As early as 1966, Nell et al. found that exposure to blue light can cause damage to retinal cells, leading to decreased or even lost vision. Among them, short-wave blue light with a wavelength between 400-450 nm has the greatest damage to the retina.
At the 2010 International Light Association Annual Meeting, the world's top optical experts unanimously pointed out that short-wave blue light has extremely high energy and can penetrate the lens to reach the retina. Blue light illuminates the retina to produce free radicals, which cause the retinal pigment epithelial cells to die. The decline of epithelial cells causes light-sensitive cells to lack nutrients and cause vision damage, and these damages are irreversible.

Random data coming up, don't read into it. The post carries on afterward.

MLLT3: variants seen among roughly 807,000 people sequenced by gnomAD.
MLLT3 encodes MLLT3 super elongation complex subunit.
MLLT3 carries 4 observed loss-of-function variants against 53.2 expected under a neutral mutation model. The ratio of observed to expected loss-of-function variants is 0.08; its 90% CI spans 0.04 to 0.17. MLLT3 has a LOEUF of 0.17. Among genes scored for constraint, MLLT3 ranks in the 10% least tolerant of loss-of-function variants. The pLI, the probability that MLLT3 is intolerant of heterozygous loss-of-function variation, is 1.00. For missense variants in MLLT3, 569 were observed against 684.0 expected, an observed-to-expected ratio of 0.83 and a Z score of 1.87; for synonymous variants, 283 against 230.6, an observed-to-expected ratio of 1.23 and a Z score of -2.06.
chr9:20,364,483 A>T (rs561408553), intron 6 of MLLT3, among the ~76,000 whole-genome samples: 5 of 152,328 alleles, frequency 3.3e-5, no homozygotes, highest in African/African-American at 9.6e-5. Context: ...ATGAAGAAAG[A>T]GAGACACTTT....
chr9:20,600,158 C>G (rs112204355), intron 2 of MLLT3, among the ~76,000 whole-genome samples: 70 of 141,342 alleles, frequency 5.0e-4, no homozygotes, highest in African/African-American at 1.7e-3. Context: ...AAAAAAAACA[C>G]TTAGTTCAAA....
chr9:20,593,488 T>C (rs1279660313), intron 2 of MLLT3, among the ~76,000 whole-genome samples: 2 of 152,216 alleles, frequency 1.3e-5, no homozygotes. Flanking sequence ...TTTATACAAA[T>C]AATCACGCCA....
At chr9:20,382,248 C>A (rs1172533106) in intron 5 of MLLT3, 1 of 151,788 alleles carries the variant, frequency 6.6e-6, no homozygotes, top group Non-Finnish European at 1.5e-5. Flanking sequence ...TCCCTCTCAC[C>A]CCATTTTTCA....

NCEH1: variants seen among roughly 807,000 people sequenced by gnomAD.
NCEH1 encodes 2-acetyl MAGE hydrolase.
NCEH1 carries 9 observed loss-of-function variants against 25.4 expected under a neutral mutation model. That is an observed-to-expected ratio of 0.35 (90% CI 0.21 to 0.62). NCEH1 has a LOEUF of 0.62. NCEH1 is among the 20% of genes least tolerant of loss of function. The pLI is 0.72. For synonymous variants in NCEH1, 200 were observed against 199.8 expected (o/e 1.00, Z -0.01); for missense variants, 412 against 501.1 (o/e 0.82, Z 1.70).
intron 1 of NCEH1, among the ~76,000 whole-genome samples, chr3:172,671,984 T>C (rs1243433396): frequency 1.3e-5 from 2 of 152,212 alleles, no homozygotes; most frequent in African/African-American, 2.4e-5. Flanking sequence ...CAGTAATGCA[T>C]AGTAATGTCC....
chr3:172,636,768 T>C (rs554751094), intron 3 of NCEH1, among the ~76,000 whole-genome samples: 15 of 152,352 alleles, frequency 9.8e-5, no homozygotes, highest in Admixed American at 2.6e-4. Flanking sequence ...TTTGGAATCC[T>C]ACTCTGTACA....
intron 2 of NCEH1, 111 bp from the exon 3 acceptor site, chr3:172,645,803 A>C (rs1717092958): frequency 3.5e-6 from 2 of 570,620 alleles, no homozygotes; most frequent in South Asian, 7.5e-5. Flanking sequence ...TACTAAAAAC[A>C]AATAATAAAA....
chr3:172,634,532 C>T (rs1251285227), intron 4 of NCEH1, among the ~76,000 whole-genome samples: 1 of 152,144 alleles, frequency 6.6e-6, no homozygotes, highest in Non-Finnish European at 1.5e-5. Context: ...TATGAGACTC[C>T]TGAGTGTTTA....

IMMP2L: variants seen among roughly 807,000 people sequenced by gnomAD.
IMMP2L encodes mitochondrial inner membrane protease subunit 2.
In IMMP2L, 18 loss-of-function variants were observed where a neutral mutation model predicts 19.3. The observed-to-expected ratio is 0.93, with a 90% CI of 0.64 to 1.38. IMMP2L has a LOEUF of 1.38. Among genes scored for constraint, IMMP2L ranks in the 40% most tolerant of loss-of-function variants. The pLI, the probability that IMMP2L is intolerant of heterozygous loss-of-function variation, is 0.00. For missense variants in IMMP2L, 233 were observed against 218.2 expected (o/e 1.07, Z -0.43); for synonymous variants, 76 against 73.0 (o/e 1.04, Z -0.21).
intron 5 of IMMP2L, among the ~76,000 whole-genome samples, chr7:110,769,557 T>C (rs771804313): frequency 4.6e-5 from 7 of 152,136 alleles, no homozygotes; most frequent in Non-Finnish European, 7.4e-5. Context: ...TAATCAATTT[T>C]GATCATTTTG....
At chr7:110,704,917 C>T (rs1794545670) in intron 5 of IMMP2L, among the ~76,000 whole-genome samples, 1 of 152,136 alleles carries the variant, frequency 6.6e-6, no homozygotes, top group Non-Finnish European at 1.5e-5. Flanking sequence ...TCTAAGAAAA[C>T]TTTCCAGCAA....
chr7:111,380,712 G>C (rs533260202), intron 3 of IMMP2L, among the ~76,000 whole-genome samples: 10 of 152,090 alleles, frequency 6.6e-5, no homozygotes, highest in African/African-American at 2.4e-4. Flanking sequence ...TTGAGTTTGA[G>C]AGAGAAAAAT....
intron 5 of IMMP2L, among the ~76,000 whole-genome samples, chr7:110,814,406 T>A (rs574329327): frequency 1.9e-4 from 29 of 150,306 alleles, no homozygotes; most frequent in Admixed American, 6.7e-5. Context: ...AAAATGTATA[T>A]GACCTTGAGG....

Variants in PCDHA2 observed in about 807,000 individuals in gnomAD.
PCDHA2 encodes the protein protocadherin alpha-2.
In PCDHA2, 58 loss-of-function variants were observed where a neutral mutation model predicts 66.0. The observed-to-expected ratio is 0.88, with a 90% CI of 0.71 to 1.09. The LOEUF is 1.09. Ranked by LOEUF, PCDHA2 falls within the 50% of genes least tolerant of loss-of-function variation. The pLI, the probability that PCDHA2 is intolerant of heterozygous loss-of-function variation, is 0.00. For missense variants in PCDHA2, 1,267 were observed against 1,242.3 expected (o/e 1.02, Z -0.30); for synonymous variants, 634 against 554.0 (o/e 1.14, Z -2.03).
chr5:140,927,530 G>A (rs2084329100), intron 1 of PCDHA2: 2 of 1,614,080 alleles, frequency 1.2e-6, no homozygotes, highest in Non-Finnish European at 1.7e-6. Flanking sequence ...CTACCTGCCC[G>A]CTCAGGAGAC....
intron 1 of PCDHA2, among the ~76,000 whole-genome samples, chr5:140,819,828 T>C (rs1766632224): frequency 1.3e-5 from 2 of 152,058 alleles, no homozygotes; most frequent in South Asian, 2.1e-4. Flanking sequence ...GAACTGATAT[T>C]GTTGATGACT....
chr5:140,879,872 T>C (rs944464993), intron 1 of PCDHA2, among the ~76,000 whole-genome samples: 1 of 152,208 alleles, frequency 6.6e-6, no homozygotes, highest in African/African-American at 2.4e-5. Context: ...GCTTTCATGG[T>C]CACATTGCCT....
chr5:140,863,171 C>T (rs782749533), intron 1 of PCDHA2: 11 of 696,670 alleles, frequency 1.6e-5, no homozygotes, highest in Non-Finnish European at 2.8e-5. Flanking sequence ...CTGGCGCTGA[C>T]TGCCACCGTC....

A study by German eye specialist Professor R. H. W. Funk pointed out that when "inappropriate light" continues to illuminate our eyes, it can also cause physical dysfunction.